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Am. Home Assur. Co. v. SMG Stone Co., Inc.

United States District Court, N.D. California

June 11, 2015

SMG STONE COMPANY, INC. et al., Defendants

Page 1054

[Copyrighted Material Omitted]

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For American Home Assurance Company, Insurance Company of the State of Pennsylvania, Plaintiffs, Counter-defendants: Lejf E. Knutson, Patrick Fredette, LEAD ATTORNEYS, McCormick Barstow Sheppard Wayte & Carruth LLP, Fresno, CA; Robin Danean Korte, LEAD ATTORNEY, Selvin Wraith Halman, Oakland, CA; Gary Robert Selvin, Selvin, Wraith, Halman, LLP, Oakland, CA.

For SMG Stone Company, Inc., J. Colavin & Son, Inc., Webcor Construction LP, doing business as Webcor Builders, doing business as Webcor Construction, Inc., Defendants: Bruce P. Loper, Lombardi Loper & Conant, LLP, Oakland, CA.

For Steadfast Insurance Company, Defendant: Christine Marie Fierro, Ramiro Morales, LEAD ATTORNEYS, Morales Fierro & Reeves, Pleasant Hill, CA.

For J. Colavin & Son, Inc., SMG Stone Company, Inc., Webcor Construction LP, Counter-claimant: Bruce P. Loper, Lombardi Loper & Conant, LLP, Oakland, CA.

Page 1056


HAYWOOD S. GILLIAM, JR., United States District Judge.

Pending before the Court are the parties' cross-motions for summary judgment. Plaintiffs American Home Assurance Company (" AHA" ) and Insurance Company of the State of Pennsylvania (" ISOP" ) seek summary judgment that the insurance policies at issue do not cover the claims by Defendants SMG Stone Co. (" SMG" ), J. Colavin & Son, Inc. (" Colavin" ), Webcor Construction LP (" Webcor" ), and Steadfast Insurance Co. (" Steadfast" ). Defendants seek summary judgment that Plaintiffs had a duty to defend the underlying arbitration and litigation proceedings. For the reasons stated below, Defendants' motion is DENIED, and Plaintiffs' motion is GRANTED.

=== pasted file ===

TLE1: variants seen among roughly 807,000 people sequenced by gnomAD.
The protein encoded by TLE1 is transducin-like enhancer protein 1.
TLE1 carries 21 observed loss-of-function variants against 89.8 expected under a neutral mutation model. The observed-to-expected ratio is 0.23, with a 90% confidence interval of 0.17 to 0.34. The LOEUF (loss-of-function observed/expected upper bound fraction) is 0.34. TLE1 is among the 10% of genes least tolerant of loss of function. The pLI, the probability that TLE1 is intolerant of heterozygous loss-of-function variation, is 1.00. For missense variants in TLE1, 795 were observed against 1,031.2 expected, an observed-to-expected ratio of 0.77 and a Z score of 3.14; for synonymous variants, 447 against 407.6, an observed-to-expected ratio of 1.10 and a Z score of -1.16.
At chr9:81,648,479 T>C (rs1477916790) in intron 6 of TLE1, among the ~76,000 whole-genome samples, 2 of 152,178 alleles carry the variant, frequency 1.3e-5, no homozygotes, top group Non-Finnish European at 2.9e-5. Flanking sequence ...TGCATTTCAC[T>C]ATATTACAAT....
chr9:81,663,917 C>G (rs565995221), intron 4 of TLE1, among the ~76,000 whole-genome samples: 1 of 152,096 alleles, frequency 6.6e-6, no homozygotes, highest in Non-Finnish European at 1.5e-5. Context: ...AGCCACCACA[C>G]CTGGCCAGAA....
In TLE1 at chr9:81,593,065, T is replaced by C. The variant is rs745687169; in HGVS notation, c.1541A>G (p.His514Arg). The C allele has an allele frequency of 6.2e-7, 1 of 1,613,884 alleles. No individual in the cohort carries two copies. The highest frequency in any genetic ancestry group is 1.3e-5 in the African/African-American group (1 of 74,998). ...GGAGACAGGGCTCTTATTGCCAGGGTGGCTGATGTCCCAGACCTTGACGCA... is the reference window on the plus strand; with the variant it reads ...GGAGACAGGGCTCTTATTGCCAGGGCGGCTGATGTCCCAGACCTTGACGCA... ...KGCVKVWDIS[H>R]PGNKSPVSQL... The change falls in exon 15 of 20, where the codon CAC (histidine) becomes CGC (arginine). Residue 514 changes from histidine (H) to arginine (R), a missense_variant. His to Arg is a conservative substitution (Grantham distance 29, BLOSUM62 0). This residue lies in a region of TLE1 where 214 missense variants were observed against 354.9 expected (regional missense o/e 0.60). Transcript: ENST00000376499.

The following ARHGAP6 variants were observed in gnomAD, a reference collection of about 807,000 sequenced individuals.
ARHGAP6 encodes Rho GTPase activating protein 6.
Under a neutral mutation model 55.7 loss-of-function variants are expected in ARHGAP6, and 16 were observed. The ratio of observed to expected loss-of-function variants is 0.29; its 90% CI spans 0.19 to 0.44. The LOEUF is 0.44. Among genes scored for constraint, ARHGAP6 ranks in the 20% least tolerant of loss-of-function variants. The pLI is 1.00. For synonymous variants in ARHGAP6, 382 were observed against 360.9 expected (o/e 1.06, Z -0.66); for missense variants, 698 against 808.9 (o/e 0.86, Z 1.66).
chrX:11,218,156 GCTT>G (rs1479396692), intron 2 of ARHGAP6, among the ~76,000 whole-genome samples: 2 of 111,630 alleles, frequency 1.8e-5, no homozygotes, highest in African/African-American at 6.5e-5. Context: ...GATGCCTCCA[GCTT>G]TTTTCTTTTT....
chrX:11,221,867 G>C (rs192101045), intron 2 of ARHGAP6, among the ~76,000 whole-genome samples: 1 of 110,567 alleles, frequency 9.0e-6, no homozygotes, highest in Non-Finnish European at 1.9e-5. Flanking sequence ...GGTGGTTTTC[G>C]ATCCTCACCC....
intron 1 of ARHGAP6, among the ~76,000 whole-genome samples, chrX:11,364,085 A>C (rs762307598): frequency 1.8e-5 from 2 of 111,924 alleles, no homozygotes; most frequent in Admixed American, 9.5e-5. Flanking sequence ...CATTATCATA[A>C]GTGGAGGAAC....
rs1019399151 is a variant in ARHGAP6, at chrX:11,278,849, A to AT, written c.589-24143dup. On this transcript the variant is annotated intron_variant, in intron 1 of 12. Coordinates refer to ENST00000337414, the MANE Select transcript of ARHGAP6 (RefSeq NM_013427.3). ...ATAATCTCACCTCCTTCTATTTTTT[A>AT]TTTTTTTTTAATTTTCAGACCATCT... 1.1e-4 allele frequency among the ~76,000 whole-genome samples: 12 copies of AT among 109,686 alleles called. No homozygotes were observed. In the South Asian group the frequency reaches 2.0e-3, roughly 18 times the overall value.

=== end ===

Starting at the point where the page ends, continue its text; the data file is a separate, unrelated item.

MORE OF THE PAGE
The following facts are undisputed unless stated otherwise.

A. Underlying Insurance Claim

In October 2007, owner and developer Olympic & Georgia Partners LLC (" Olympic" ) contracted with Defendant Webcor to construct a 54-story hotel and luxury condominium highrise in downtown Los Angeles (the " Project" ). Webcor, in turn, subcontracted with Defendants SMG and Colavin to install stone floor tiles at the Project. Plaintiffs provided general commercial liability insurance to Olympic, Webcor, SMG, and Colavin in connection with the Project.

SMG and Colavin began the floor tile installation work in November 2009. In early 2010, Olympic discovered fractures in some of the stone floor tiles installed by SMG and Colavin. A few weeks later, the fractured tiles were removed and replaced. This remediation process required the removal and replacement of portions of drywall and concrete subfloor installed by other subcontractors.

In a letter dated May 12, 2010, Olympic provided " notice of a claim of fractured stone tile" to AHA and explained:

The Project is nearing completion and its Owner, [Olympic], was about to close escrow on certain Residences and proceed with the sale of the remainder. However, the demolition and repair of fractured stone tile will preclude completion and closing of the Residences on schedule, and as a result, Owner will suffer substantial damages, including carrying costs, etc. Owner desires to mitigate damages by proceeding immediately to investigate and repair. Time is of the essence.

Dkt. No. 44-3.

In a letter dated July 27, 2011, Defendant Webcor " formally plac[ed] [AHA] on notice of the alleged claims and tender[ed] [its] defense and indemnity (and those of [its] subcontractors) pursuant to the" AHA insurance policy. Dkt. No. 44-5. Webcor explained that " the owner[s] of the project invited various parties to attend a presentation regarding alleged construction defects concerning various tiles installed at the project." Id. Counsel for AHA and ISOP attended the presentation, which described " shrinkage-induced fractures" and " loading-induced fractures" to the tiles. Dkt. No. 44-7 at 49. Olympic contended that these fractures were caused by various installation defects, such as " installation